The original terminal building dating from the late 1930s, famously seen on early television footage with its terraces packed with Beatles fans, was left derelict for over a decade after being replaced in 1986. However it has recently been renovated and adapted to become the Crowne Plaza Liverpool John Lennon Airport Hotelmarker, preserving its Grade II listed Art Deco style. The former apron of the terminal is also listed and retained in its original condition, although it is no longer connected to the airport or subject to airside access control. It is the home of several aircraft, including BAe Jetstream 41 prototype G-JMAC and Bristol Britannia G-ANCF, preserved by the Jetstream Club. The two art deco style hangars that flank the terminal and apron have also been converted for new uses. One is now a David Lloyd leisure centre, whilst the other has been adapted as the headquarters of the Shop Direct Group, and is now known as Skyways House.

In 1990 ownership of the airport was privatised, with British Aerospace taking a 76% shareholding in the new company. Subsequently the airport has become a wholly owned subsidiary of Peel Holdings Ltd. In 2000, work on a £42.5 million modern passenger terminal began, tripling its size and passenger capacity, and this development was completed in 2002. There have since been further extensions. The airport's strategy is to cater largely for 'low cost' operators, and consequently the layout of the terminal and gates requires passengers to walk unprotected from the weather to and from passenger aircraft. Destinations served are located throughout Europe, the 2007 scheduled services to the USAmarker and Canadamarker having been withdrawn.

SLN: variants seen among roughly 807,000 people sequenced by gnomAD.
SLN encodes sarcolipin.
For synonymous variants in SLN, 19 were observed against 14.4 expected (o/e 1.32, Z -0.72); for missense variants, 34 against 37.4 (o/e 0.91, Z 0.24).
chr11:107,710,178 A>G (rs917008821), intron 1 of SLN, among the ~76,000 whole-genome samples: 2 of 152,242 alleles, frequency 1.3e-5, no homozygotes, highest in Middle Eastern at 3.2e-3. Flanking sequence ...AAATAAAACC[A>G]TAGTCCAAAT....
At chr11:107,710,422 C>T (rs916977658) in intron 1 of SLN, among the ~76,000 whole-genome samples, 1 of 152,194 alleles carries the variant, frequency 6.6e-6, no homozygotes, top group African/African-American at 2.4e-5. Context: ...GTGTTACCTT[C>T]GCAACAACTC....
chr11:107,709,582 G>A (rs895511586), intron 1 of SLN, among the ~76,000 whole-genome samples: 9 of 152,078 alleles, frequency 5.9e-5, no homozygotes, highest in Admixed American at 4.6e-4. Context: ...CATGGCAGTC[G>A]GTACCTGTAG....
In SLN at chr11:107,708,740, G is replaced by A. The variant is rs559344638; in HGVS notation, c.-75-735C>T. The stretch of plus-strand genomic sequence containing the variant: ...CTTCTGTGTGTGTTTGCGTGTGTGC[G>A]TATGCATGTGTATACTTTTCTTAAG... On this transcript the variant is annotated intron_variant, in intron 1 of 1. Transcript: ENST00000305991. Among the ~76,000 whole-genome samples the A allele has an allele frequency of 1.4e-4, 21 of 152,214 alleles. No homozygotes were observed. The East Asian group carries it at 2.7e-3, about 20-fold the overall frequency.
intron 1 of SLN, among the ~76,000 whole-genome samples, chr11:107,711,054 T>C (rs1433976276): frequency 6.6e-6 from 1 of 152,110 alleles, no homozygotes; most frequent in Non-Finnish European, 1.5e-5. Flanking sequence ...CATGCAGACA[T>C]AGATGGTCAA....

2002 saw the airport being renamed in honour of John Lennon, a founding member of the Liverpudlian group The Beatles, twenty-two years after Lennon's death. A tall bronze statue of the local icon stands overlooking the check-in hall. On the roof is painted the airport's motto, a line from Lennon's song "Imagine": "Above us, only sky". In 2005 the Yellow Submarinemarker, a large-scale work of art, was installed on a traffic island at the entrance to the airport.